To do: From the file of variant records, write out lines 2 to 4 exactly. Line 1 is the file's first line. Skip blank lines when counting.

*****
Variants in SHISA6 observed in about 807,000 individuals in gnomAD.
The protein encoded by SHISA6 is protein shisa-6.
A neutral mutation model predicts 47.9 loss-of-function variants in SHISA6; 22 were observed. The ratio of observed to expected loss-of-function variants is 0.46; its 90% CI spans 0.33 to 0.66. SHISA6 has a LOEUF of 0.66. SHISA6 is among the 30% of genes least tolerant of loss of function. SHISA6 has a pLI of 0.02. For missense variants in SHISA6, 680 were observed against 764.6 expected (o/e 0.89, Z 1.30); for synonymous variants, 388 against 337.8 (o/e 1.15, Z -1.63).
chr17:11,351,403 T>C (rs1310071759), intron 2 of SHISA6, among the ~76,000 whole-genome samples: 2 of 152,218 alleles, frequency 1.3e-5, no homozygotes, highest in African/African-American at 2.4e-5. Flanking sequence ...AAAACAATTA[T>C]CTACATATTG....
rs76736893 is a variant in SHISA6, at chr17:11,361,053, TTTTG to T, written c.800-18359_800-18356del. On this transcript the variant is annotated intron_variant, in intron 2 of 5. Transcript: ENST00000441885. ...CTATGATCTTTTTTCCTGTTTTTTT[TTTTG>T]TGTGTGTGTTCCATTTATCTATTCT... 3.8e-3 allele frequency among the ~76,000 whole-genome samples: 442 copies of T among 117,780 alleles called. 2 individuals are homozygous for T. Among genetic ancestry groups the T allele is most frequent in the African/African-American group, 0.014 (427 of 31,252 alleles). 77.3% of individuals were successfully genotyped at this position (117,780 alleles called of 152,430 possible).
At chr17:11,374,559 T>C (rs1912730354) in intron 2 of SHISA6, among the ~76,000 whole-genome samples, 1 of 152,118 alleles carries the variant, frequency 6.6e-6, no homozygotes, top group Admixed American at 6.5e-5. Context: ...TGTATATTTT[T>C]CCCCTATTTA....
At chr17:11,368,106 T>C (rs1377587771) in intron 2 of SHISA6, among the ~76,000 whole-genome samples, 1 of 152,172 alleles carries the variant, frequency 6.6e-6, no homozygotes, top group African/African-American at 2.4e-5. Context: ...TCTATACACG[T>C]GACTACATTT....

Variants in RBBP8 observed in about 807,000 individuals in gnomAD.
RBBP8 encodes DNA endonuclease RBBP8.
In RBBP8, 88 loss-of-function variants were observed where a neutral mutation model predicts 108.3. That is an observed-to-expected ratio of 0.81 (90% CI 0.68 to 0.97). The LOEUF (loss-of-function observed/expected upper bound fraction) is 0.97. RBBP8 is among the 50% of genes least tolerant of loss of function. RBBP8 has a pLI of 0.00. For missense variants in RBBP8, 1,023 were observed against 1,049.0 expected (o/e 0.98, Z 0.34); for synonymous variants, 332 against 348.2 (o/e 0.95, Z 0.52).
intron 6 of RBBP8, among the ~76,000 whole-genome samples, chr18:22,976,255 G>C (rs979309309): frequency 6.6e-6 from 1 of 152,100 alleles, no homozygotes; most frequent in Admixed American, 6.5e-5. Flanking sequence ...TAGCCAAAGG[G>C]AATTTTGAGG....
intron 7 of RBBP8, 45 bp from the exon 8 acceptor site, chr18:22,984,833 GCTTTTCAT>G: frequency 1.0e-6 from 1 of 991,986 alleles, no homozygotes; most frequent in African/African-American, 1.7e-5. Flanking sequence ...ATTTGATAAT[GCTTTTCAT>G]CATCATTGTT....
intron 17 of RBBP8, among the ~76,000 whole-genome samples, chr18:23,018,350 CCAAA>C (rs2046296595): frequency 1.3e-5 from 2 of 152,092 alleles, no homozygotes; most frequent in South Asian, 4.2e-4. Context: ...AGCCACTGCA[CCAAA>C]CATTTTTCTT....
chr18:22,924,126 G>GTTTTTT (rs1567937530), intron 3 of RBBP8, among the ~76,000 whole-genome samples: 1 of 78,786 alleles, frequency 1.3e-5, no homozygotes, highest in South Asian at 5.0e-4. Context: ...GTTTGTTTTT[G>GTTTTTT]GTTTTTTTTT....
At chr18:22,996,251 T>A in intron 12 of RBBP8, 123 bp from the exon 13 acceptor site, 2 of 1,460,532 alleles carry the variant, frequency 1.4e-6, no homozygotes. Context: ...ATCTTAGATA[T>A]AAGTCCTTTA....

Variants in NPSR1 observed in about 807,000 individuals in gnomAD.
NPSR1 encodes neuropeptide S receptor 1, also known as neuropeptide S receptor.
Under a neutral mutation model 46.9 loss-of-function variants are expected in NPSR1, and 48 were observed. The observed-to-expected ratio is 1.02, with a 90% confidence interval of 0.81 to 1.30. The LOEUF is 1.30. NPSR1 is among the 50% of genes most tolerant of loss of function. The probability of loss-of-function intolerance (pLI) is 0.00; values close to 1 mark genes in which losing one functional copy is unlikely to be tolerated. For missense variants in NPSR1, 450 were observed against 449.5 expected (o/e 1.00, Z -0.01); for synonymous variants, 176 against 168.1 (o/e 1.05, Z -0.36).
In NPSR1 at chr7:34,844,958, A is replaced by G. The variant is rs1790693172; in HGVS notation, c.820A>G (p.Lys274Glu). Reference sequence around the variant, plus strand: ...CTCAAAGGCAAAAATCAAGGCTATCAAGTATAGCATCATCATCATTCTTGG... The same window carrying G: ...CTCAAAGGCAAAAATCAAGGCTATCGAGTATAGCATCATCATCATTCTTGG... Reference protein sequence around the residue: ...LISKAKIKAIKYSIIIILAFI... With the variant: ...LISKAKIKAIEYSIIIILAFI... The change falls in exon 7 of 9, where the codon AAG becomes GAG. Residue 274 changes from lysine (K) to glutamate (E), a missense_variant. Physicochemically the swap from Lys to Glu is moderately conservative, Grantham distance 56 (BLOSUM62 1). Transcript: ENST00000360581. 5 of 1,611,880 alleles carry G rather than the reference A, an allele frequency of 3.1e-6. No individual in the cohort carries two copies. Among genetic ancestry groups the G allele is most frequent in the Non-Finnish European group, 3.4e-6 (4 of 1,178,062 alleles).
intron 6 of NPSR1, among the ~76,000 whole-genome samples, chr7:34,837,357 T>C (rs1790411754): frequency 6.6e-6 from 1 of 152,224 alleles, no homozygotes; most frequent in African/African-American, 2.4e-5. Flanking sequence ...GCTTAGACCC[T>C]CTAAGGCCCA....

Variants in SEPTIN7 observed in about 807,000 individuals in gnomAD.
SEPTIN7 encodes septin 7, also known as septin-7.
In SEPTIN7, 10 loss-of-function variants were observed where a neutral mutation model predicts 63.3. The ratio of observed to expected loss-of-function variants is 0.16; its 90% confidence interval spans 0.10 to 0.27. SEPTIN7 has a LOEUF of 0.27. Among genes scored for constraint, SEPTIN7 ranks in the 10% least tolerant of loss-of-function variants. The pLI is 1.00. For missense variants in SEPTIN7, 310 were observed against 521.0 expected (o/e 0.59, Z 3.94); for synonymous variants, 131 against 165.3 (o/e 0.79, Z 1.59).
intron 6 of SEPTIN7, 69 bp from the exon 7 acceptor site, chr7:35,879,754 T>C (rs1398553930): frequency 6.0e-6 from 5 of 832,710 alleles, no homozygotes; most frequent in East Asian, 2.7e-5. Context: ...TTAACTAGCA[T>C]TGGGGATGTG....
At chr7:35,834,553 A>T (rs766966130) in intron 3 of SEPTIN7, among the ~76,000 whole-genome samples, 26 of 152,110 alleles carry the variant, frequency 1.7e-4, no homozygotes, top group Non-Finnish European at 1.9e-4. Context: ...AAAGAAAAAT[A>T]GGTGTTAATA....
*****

The protein encoded by SHISA6 is protein shisa-6.
A neutral mutation model predicts 47.9 loss-of-function variants in SHISA6; 22 were observed. The ratio of observed to expected loss-of-function variants is 0.46; its 90% CI spans 0.33 to 0.66. SHISA6 has a LOEUF of 0.66. SHISA6 is among the 30% of genes least tolerant of loss of function. SHISA6 has a pLI of 0.02. For missense variants in SHISA6, 680 were observed against 764.6 expected (o/e 0.89, Z 1.30); for synonymous variants, 388 against 337.8 (o/e 1.15, Z -1.63).
chr17:11,351,403 T>C (rs1310071759), intron 2 of SHISA6, among the ~76,000 whole-genome samples: 2 of 152,218 alleles, frequency 1.3e-5, no homozygotes, highest in African/African-American at 2.4e-5. Flanking sequence ...AAAACAATTA[T>C]CTACATATTG....